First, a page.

26 April 2018 – Unified Patent Court: implications of UK ratification for the UPC

On April 26, 2018, the United Kingdom has deposited the instruments of ratification of the Agreement relating to the Unified Patent Court (UPCA).

The Preparatory Committee of the UPC has confidently declared that this year has begun well, although there remains more work to do before the provisional application phase can commence – not least the outcome of the complaint against the UPCA pending in the German Federal Constitutional Court which will influence the speed of moving to the final stage of the project. See Committee full communication.

Actually, the announcement from the UK Intellectual Property Office and the statement delivered by the Minister for Intellectual Property, Sam Gyimah MP make clear that such ratification triggers another significant issue of the Brexit negotiations, rather than being a positively decisive event for the UPC. Namely, the UKIPO has pointed out that “the unique nature of the proposed court means that the UK’s future relationship with the Unified Patent Court will be subject to negotiation with European partners as we leave the EU” (see full announcement). The Minister for IP has stated that “now we are well placed to make sure we turn the changes – which will be the central part of our exit – into opportunities. One of those opportunities is to make sure we continue to strengthen and develop the international IP framework” (see full statement).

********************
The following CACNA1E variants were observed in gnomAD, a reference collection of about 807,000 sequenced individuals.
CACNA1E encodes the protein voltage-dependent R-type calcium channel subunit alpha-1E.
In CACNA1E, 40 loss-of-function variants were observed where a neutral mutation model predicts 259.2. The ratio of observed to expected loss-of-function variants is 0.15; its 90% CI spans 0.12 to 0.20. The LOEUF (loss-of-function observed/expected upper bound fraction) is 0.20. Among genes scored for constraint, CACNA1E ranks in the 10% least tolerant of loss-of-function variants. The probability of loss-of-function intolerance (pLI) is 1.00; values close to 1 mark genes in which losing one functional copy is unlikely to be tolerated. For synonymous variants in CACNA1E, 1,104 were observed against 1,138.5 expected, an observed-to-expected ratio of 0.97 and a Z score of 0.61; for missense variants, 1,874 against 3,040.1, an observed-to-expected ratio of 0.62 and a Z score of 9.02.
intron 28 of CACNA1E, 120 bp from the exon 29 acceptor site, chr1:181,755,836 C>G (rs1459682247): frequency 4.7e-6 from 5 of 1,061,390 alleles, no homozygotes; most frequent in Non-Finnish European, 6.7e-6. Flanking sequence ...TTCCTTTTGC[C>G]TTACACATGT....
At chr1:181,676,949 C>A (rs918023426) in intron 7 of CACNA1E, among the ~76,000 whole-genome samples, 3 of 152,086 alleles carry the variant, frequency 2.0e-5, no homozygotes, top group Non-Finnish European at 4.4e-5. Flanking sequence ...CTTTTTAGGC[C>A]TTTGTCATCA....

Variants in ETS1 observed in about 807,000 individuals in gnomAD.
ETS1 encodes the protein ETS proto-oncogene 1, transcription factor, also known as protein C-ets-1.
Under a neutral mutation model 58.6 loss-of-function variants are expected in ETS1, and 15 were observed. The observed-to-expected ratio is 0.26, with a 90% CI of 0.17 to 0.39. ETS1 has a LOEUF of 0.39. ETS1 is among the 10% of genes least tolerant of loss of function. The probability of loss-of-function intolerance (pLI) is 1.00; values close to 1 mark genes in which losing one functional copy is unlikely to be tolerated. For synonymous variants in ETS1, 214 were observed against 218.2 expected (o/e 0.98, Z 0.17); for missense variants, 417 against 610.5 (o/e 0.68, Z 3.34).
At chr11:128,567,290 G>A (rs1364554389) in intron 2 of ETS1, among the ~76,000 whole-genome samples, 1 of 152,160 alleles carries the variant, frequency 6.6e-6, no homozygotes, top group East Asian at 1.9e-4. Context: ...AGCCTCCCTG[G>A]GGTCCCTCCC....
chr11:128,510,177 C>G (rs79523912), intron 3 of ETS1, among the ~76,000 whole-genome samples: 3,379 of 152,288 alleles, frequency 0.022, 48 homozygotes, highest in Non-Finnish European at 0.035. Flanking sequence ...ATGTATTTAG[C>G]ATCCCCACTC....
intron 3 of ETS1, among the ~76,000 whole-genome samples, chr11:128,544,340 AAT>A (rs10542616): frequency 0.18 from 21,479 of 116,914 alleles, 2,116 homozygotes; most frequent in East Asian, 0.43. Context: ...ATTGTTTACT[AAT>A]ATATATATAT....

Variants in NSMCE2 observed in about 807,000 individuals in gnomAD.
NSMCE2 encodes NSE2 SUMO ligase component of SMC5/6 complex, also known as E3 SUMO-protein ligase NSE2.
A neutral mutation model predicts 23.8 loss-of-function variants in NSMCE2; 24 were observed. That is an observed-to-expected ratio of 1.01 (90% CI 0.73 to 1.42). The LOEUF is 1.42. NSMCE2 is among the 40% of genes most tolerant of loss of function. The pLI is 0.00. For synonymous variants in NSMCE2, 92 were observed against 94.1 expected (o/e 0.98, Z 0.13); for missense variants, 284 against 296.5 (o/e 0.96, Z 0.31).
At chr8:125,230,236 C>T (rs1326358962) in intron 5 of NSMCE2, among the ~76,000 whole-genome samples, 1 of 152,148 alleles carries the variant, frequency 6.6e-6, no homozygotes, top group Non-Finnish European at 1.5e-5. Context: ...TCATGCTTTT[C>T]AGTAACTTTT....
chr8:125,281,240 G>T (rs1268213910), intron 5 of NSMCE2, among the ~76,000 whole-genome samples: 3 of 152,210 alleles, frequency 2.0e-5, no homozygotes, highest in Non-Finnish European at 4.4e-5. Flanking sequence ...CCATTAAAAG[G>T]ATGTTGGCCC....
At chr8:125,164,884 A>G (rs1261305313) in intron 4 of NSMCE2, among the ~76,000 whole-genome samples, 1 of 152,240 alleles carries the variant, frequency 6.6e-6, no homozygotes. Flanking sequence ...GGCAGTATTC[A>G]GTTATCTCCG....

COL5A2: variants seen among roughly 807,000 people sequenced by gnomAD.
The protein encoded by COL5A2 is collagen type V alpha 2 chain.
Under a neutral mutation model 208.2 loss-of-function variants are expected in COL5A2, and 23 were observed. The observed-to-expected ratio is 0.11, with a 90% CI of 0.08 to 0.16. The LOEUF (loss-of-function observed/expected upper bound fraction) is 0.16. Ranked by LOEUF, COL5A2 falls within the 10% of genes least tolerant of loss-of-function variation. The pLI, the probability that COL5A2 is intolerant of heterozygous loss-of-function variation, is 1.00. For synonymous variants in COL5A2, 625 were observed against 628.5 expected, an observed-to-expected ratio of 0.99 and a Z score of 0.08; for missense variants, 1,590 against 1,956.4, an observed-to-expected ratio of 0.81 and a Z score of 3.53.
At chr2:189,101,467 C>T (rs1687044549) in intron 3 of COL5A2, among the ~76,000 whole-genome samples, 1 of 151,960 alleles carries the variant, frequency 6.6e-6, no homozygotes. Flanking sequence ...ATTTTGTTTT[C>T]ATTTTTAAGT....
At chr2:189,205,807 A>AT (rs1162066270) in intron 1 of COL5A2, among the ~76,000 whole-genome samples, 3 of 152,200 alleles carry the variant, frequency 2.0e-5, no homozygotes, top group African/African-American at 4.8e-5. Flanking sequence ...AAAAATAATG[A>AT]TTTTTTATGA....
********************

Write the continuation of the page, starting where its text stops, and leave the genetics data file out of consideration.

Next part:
In this regard, even the controversially optimistic opinion on consequences of Brexit for the UPC, given in September 2016 by Richard Gordon and Tom Pascoe (from Brick Court Chambers), pointed out that the UK would be required to accept the supremacy of EU law in its entirety as regards all patent disputes as fall within the jurisdiction of the UPC, and that this may be politically significant.

In fact, Art. 20 UPCA establishes that the Court shall apply Union law in its entirety and shall respect its primacy (see also Arts. 21 and 24 UPCA).

Even the UPCA will need to be amended as to (only apparently) formal provisions. For instance, Art. 1 UPCA establishes that “the UPC shall be a court common to the Contracting Member States and thus subject to the same obligations under Union law as any national court of the Contracting Member States”, but Art. 2 UPCS establishes that “‘Member State’ means a Member State of the European Union” and “‘Contracting Member State’ means a Member State party to this Agreement”. Another noteworthy amendment is required to Art. 7 UPCA, currently establishing that one section of the UPC will be in London.

Therefore, it appears that a Diplomatic Conference would be needed to introduce the possibility for the UK, after having left the EU, to be party to the UPCA.

Provided that the Court of Justice of the EU will not issue any decision against this possibility.

In the end, the ratification by the UK makes the start of the UPC provisional application phase closer, but it does not render the UK participation to the UPC more certain.

Unless the rising voices against leaving (e.g., see among others: Confederation of British Industry, 1, 2, 3; European Movement; Open Britain) will succeed in reversing Brexit.

Andrea Scilletta